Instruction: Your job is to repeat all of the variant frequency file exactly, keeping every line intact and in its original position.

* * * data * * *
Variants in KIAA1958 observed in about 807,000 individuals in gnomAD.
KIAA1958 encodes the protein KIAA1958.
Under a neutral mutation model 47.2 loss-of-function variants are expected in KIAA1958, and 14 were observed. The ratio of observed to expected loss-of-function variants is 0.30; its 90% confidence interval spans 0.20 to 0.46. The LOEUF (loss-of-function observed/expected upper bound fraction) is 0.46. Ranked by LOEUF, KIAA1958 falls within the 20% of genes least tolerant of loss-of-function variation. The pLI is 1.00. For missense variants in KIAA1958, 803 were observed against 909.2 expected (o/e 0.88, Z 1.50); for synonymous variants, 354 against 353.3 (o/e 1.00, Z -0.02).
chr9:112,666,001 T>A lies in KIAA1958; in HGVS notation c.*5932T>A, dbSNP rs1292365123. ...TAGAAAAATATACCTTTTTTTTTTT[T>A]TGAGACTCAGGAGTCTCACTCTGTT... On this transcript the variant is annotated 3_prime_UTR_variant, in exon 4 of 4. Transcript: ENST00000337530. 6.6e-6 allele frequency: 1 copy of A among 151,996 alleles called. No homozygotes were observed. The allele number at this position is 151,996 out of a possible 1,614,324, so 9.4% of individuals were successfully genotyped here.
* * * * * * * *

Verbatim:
Variants in KIAA1958 observed in about 807,000 individuals in gnomAD.
KIAA1958 encodes the protein KIAA1958.
Under a neutral mutation model 47.2 loss-of-function variants are expected in KIAA1958, and 14 were observed. The ratio of observed to expected loss-of-function variants is 0.30; its 90% confidence interval spans 0.20 to 0.46. The LOEUF (loss-of-function observed/expected upper bound fraction) is 0.46. Ranked by LOEUF, KIAA1958 falls within the 20% of genes least tolerant of loss-of-function variation. The pLI is 1.00. For missense variants in KIAA1958, 803 were observed against 909.2 expected (o/e 0.88, Z 1.50); for synonymous variants, 354 against 353.3 (o/e 1.00, Z -0.02).
chr9:112,666,001 T>A lies in KIAA1958; in HGVS notation c.*5932T>A, dbSNP rs1292365123. ...TAGAAAAATATACCTTTTTTTTTTT[T>A]TGAGACTCAGGAGTCTCACTCTGTT... On this transcript the variant is annotated 3_prime_UTR_variant, in exon 4 of 4. Transcript: ENST00000337530. 6.6e-6 allele frequency: 1 copy of A among 151,996 alleles called. No homozygotes were observed. The allele number at this position is 151,996 out of a possible 1,614,324, so 9.4% of individuals were successfully genotyped here.